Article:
Emotional Calls are the thousands of tiny attempts to connect with each other.
After years of research, we finally know why some couples end up building healthy, thriving marriages, while others gradually drift apart and get divorced. The answer is found within the building blocks of relationships: Emotional Calls.
Emotional Calls are your attempts and your partner’s attempts to connect with one another. These show up in your marriage in a wide variety of ways. They can be attempts to get attention, affirmation, affection, empathy, or any other emotional need from the other person.
They can be straightforward, like “how do I look?” or "how was your day?” or “What do you want to do today, honey?” Or, they can be complex and nuanced, such as your partner’s need for comfort during a difficult time, a long sad sigh, or a seemingly hostile statement.
All of these are types of Emotional Calls.
Your partner sends dozens to you every day, which adds up to 5,000 to 10,000 per year and 250,000 to 500,000 in a 50-year marriage.
These form the foundation of your relationship.
Now, it’s important to think of Emotional Calls as attempts to connect rather than actual connections because your attempts can either succeed or fail.
Successful attempts are a key characteristic of couples who are able to form healthy marriages. Their attempts to connect with one another are almost always successful: nearly 9 times out of 10.
Throughout decades of research, Dr. John Gottman, the world’s foremost marriage researcher, discovered that healthy couples respond positively to 86% of one another’s Emotional Calls, while unhealthy couples, who eventually get divorced, respond positively only 33% of the time. These findings show the truly massive difference between how healthy and unhealthy couples treat emotional calls.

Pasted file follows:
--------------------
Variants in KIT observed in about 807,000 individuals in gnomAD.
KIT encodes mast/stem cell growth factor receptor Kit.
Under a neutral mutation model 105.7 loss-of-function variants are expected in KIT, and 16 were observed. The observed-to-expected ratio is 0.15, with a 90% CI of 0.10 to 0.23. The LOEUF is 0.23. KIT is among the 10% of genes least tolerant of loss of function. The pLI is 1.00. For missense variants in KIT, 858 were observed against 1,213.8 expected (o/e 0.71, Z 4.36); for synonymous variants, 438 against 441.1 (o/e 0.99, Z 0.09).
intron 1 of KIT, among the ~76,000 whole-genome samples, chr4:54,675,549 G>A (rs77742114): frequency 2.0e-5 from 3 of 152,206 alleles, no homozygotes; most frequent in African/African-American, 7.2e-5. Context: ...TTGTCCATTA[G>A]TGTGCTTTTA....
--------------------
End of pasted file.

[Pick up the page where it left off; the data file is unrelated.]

Dr. Brooke Feeney found similar findings in her research at Carnegie Mellon. She found that couples with a large number of successful Emotional Calls builds up “emotional capital” over time, and that emotional capital is able to withstand relationship threats—which all couples experiences at some point.
Lastly, Emotional Calls are the foundation of Emotionally Focused Therapy, or EFT, which was designed by Dr. Sue Johnson in the 1980’s and has become one of the most successful therapy approaches in the history of couples counseling.
From the EFT perspective, romantic love is based on attachment, where two adults become emotionally dependent on one another and are able to attune to one another’s emotional needs. During EFT therapy sessions, the therapist focuses on the couple’s Emotional Calls because, in Dr. Johnson’s words, their emotional experiences are the “primary instruments of change” in the relationship.
Why do Emotional Calls matter so much?
At the core of every emotional call, you’re really asking each other one question:
"Will you be there for me?"
In a relationship, you always have the opportunity to say “yes” or “no” to this question. Consider the following:
“Will you be there to help me?”
“...to give me attention?
“...to take care of our family?”
“...to choose me over friends?”
“...to choose me over work?”
“...to be sexually interested in me?
When you meet your partner’s emotional call, you’re essentially telling them: “Yes, I’ll be there for you.”
This is why Emotional Calls matter so much: across thousands of them, your brain learns whether or not your partner will “be there” for you or not.
This is the reason why some marriage succeed, while others fail.
Download Lasting for your own personalized program to help you and your partner meet each other’s Emotional Calls in your relationship.